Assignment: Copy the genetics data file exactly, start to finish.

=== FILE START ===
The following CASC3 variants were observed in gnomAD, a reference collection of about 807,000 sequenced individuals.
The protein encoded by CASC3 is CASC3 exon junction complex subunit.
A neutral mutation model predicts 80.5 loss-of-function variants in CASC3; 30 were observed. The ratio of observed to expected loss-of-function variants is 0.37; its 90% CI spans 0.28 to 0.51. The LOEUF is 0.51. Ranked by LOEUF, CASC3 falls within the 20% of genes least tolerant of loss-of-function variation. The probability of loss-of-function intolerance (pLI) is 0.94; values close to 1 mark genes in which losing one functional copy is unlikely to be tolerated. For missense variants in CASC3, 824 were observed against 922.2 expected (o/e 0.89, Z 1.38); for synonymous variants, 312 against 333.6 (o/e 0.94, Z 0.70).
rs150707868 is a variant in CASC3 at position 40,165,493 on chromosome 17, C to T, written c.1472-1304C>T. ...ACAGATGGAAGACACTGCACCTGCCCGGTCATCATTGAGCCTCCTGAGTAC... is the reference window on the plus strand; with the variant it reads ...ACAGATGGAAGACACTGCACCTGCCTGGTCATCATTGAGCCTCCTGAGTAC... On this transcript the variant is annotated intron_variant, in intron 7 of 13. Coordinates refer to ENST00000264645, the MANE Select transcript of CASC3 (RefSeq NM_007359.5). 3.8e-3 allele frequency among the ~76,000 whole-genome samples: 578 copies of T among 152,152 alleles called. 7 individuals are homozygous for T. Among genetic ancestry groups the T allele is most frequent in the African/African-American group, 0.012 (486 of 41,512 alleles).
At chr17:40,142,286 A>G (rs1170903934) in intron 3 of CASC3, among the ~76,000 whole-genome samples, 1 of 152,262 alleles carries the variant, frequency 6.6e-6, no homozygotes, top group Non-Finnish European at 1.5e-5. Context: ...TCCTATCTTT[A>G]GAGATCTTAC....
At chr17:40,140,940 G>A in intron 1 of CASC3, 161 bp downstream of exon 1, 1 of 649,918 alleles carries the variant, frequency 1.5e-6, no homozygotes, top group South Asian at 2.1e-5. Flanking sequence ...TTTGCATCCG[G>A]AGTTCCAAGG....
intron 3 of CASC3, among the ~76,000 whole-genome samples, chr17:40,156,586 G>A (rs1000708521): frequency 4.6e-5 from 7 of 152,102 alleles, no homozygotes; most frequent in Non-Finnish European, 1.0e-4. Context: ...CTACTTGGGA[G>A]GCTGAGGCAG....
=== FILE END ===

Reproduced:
The following CASC3 variants were observed in gnomAD, a reference collection of about 807,000 sequenced individuals.
The protein encoded by CASC3 is CASC3 exon junction complex subunit.
A neutral mutation model predicts 80.5 loss-of-function variants in CASC3; 30 were observed. The ratio of observed to expected loss-of-function variants is 0.37; its 90% CI spans 0.28 to 0.51. The LOEUF is 0.51. Ranked by LOEUF, CASC3 falls within the 20% of genes least tolerant of loss-of-function variation. The probability of loss-of-function intolerance (pLI) is 0.94; values close to 1 mark genes in which losing one functional copy is unlikely to be tolerated. For missense variants in CASC3, 824 were observed against 922.2 expected (o/e 0.89, Z 1.38); for synonymous variants, 312 against 333.6 (o/e 0.94, Z 0.70).
rs150707868 is a variant in CASC3 at position 40,165,493 on chromosome 17, C to T, written c.1472-1304C>T. ...ACAGATGGAAGACACTGCACCTGCCCGGTCATCATTGAGCCTCCTGAGTAC... is the reference window on the plus strand; with the variant it reads ...ACAGATGGAAGACACTGCACCTGCCTGGTCATCATTGAGCCTCCTGAGTAC... On this transcript the variant is annotated intron_variant, in intron 7 of 13. Coordinates refer to ENST00000264645, the MANE Select transcript of CASC3 (RefSeq NM_007359.5). 3.8e-3 allele frequency among the ~76,000 whole-genome samples: 578 copies of T among 152,152 alleles called. 7 individuals are homozygous for T. Among genetic ancestry groups the T allele is most frequent in the African/African-American group, 0.012 (486 of 41,512 alleles).
At chr17:40,142,286 A>G (rs1170903934) in intron 3 of CASC3, among the ~76,000 whole-genome samples, 1 of 152,262 alleles carries the variant, frequency 6.6e-6, no homozygotes, top group Non-Finnish European at 1.5e-5. Context: ...TCCTATCTTT[A>G]GAGATCTTAC....
At chr17:40,140,940 G>A in intron 1 of CASC3, 161 bp downstream of exon 1, 1 of 649,918 alleles carries the variant, frequency 1.5e-6, no homozygotes, top group South Asian at 2.1e-5. Flanking sequence ...TTTGCATCCG[G>A]AGTTCCAAGG....
intron 3 of CASC3, among the ~76,000 whole-genome samples, chr17:40,156,586 G>A (rs1000708521): frequency 4.6e-5 from 7 of 152,102 alleles, no homozygotes; most frequent in Non-Finnish European, 1.0e-4. Context: ...CTACTTGGGA[G>A]GCTGAGGCAG....